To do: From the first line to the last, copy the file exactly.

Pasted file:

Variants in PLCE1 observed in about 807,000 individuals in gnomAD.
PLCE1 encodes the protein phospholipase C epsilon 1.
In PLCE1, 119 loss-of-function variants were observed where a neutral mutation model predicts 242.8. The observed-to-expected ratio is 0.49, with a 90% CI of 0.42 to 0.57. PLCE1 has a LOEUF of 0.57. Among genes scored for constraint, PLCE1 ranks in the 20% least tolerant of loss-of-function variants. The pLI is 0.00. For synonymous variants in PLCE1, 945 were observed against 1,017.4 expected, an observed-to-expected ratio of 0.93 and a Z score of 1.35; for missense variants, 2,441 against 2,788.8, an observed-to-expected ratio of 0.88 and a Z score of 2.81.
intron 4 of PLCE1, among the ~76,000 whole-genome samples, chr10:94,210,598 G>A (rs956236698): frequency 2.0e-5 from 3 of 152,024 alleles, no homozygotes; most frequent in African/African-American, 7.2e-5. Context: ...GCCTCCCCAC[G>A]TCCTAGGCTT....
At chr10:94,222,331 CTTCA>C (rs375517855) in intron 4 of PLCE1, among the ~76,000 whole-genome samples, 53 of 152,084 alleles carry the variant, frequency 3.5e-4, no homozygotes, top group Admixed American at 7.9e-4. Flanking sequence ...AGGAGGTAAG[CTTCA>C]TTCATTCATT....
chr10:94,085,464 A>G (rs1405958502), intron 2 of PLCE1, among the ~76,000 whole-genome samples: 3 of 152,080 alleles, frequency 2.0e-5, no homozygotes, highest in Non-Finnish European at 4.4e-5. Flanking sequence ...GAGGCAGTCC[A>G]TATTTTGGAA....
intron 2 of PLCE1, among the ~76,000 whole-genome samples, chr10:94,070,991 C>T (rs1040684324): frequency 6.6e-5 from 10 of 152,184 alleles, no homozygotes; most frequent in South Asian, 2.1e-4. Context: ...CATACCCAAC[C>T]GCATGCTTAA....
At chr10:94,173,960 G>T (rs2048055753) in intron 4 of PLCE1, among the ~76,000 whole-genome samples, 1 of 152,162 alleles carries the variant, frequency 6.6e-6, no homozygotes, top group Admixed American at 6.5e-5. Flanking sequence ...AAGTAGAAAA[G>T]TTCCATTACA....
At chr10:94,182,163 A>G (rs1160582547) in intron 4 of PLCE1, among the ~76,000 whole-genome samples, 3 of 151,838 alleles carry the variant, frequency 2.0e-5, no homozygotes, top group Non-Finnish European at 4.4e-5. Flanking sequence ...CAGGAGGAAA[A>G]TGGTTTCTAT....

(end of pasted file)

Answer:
Variants in PLCE1 observed in about 807,000 individuals in gnomAD.
PLCE1 encodes the protein phospholipase C epsilon 1.
In PLCE1, 119 loss-of-function variants were observed where a neutral mutation model predicts 242.8. The observed-to-expected ratio is 0.49, with a 90% CI of 0.42 to 0.57. PLCE1 has a LOEUF of 0.57. Among genes scored for constraint, PLCE1 ranks in the 20% least tolerant of loss-of-function variants. The pLI is 0.00. For synonymous variants in PLCE1, 945 were observed against 1,017.4 expected, an observed-to-expected ratio of 0.93 and a Z score of 1.35; for missense variants, 2,441 against 2,788.8, an observed-to-expected ratio of 0.88 and a Z score of 2.81.
intron 4 of PLCE1, among the ~76,000 whole-genome samples, chr10:94,210,598 G>A (rs956236698): frequency 2.0e-5 from 3 of 152,024 alleles, no homozygotes; most frequent in African/African-American, 7.2e-5. Context: ...GCCTCCCCAC[G>A]TCCTAGGCTT....
At chr10:94,222,331 CTTCA>C (rs375517855) in intron 4 of PLCE1, among the ~76,000 whole-genome samples, 53 of 152,084 alleles carry the variant, frequency 3.5e-4, no homozygotes, top group Admixed American at 7.9e-4. Flanking sequence ...AGGAGGTAAG[CTTCA>C]TTCATTCATT....
chr10:94,085,464 A>G (rs1405958502), intron 2 of PLCE1, among the ~76,000 whole-genome samples: 3 of 152,080 alleles, frequency 2.0e-5, no homozygotes, highest in Non-Finnish European at 4.4e-5. Flanking sequence ...GAGGCAGTCC[A>G]TATTTTGGAA....
intron 2 of PLCE1, among the ~76,000 whole-genome samples, chr10:94,070,991 C>T (rs1040684324): frequency 6.6e-5 from 10 of 152,184 alleles, no homozygotes; most frequent in South Asian, 2.1e-4. Context: ...CATACCCAAC[C>T]GCATGCTTAA....
At chr10:94,173,960 G>T (rs2048055753) in intron 4 of PLCE1, among the ~76,000 whole-genome samples, 1 of 152,162 alleles carries the variant, frequency 6.6e-6, no homozygotes, top group Admixed American at 6.5e-5. Flanking sequence ...AAGTAGAAAA[G>T]TTCCATTACA....
At chr10:94,182,163 A>G (rs1160582547) in intron 4 of PLCE1, among the ~76,000 whole-genome samples, 3 of 151,838 alleles carry the variant, frequency 2.0e-5, no homozygotes, top group Non-Finnish European at 4.4e-5. Flanking sequence ...CAGGAGGAAA[A>G]TGGTTTCTAT....